Are you keen on knowing the answer to the question of what muscles do badminton work? If the answer is in the affirmative, please spend some time going through this article. We will try and find out the various health benefits of playing badminton and also have a look at the muscles that get exercised and benefitted when this game is played.
Badminton is a high-speed game and requires lighting fast reflexes and extreme levels of fitness. It is a sport that activates the entire body. It mainly impacts and activates the scapular regions of the body. This includes the upper arm, abdomen, and back and forearm. But it would also be appropriate to mention here that some muscles have a more critical role to play than others. These include the triceps when it comes to hitting the shuttlecock.
Badminton is a sport that requires running and moving almost continuously in court. When we prepare to hit the shuttlecock, amongst other things, we need to bend the elbow to a suitable distance. Without this, it will not be possible for the racquet to touch the shuttlecock. For ensuring that the bending movement happens correctly, the Biceps Brachii is considered to be the most important. This works as an agonist muscle or a muscle whose contraction helps in moving a part of the body directly. In this situation, the triceps brachii has an essential and significant role to play. It plays the role of an antagonist, and it does by adjusting the speed at which the elbow bends. This is possible only when the antagonist muscles and the agonist’s muscles act in tandem and work simultaneously. Without this happening, it would be challenging to maintain the minimum balance that is required.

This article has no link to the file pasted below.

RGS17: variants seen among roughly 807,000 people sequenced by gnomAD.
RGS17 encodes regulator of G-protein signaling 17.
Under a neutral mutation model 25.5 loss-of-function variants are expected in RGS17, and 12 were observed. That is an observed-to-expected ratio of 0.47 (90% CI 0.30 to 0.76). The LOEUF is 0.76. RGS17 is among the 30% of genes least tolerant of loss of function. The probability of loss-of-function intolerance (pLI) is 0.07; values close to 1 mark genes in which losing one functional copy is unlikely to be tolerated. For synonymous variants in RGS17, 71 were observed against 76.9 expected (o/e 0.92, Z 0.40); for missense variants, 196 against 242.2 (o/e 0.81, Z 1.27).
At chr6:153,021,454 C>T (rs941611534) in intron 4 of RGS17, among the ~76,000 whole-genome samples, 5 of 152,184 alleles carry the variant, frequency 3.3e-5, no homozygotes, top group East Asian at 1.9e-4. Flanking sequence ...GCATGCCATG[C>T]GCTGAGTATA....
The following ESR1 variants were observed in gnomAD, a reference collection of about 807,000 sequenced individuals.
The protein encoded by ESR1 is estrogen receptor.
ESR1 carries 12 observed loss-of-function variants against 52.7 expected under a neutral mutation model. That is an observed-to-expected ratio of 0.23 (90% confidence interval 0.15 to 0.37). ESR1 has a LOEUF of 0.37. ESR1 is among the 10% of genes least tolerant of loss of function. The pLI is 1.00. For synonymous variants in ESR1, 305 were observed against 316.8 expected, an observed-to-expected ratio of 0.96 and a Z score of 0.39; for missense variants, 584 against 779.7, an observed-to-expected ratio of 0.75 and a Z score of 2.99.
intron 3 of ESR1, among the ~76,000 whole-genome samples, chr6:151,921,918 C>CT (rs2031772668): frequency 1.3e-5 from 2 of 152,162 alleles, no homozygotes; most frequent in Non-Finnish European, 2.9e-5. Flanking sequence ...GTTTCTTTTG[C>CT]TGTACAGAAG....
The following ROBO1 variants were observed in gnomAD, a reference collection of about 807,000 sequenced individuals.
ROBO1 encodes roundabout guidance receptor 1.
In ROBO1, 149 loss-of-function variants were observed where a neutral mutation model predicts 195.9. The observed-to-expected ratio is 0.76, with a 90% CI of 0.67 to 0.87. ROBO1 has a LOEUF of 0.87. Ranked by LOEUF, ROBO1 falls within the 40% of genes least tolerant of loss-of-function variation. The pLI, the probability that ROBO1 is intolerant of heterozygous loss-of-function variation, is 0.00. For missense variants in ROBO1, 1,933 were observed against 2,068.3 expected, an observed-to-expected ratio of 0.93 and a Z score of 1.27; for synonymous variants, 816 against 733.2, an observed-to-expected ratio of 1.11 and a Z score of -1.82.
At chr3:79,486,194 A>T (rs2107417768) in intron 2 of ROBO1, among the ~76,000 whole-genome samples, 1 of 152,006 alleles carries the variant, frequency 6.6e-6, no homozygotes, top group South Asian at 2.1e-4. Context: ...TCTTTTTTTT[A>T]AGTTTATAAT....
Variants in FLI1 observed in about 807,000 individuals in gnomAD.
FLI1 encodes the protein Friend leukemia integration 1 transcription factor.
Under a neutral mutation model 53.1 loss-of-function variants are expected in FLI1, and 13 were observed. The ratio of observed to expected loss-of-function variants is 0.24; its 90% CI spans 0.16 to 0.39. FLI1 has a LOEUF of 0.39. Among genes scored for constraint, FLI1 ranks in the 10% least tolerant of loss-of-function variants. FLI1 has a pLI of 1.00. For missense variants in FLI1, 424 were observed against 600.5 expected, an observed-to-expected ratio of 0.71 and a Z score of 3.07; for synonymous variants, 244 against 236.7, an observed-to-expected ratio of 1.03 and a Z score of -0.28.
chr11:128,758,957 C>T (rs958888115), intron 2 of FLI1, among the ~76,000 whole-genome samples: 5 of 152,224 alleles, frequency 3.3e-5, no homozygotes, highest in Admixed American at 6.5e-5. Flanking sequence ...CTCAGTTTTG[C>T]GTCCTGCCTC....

When we move into an attacking posture, we would have to straighten the elbow so that we can hit the shuttlecock powerfully and correctly. When this happens, we need to keep a few things in mind. Now the triceps brachii becomes the agonist muscles. The contraction of these muscles aids in moving the forearm away from the body to complete the lunging forward and arm-straightening movement. On the other hand, the biceps brachii now becomes the antagonist muscle, and it acts in unison with the agonist muscle.
There is no doubt that badminton requires regular use of the smash as a stunning, surprising and devastating attack shot. The main objective of the jump and smash shot is to stun the opponent and not give him or her any time to recover and be in a place where the smash might land. However, did we know what happens to our muscles when we prepare and then execute the smash shot in badminton? When we squat, we need to understand that the tibialis anterior is the muscle that becomes the agonist. This leads to the contraction of the tibialis anterior, and it helps to move the frontal side of the lower leg and also the tiptoes. Both happen together. At the same time, we also need to keep in mind that the gastrocnemius becomes the antagonist muscle. This muscle is responsible for supporting and even relaxing the tibialis anterior. When this muscle contracts later, the contraction helps to move the front of the lower leg and also runs the tiptoes apart. When all these happen in a coordinated fashion, it helps in the overall jumping movement.